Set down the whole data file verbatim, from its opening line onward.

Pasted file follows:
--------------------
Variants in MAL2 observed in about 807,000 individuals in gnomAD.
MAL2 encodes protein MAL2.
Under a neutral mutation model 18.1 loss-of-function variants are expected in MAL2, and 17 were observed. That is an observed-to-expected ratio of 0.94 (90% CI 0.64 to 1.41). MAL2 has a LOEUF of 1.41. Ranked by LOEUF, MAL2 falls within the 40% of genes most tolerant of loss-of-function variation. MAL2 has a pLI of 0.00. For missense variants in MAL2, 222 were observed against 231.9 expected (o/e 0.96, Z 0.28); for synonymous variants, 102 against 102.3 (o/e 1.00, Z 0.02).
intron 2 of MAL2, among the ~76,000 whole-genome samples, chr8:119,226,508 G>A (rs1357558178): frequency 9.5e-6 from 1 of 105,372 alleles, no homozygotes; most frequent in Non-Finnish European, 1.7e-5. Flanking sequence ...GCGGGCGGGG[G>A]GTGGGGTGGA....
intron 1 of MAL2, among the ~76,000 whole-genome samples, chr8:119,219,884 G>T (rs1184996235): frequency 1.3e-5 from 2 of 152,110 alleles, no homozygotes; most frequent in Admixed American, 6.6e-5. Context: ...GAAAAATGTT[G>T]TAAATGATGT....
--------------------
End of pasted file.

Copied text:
Variants in MAL2 observed in about 807,000 individuals in gnomAD.
MAL2 encodes protein MAL2.
Under a neutral mutation model 18.1 loss-of-function variants are expected in MAL2, and 17 were observed. That is an observed-to-expected ratio of 0.94 (90% CI 0.64 to 1.41). MAL2 has a LOEUF of 1.41. Ranked by LOEUF, MAL2 falls within the 40% of genes most tolerant of loss-of-function variation. MAL2 has a pLI of 0.00. For missense variants in MAL2, 222 were observed against 231.9 expected (o/e 0.96, Z 0.28); for synonymous variants, 102 against 102.3 (o/e 1.00, Z 0.02).
intron 2 of MAL2, among the ~76,000 whole-genome samples, chr8:119,226,508 G>A (rs1357558178): frequency 9.5e-6 from 1 of 105,372 alleles, no homozygotes; most frequent in Non-Finnish European, 1.7e-5. Flanking sequence ...GCGGGCGGGG[G>A]GTGGGGTGGA....
intron 1 of MAL2, among the ~76,000 whole-genome samples, chr8:119,219,884 G>T (rs1184996235): frequency 1.3e-5 from 2 of 152,110 alleles, no homozygotes; most frequent in Admixed American, 6.6e-5. Context: ...GAAAAATGTT[G>T]TAAATGATGT....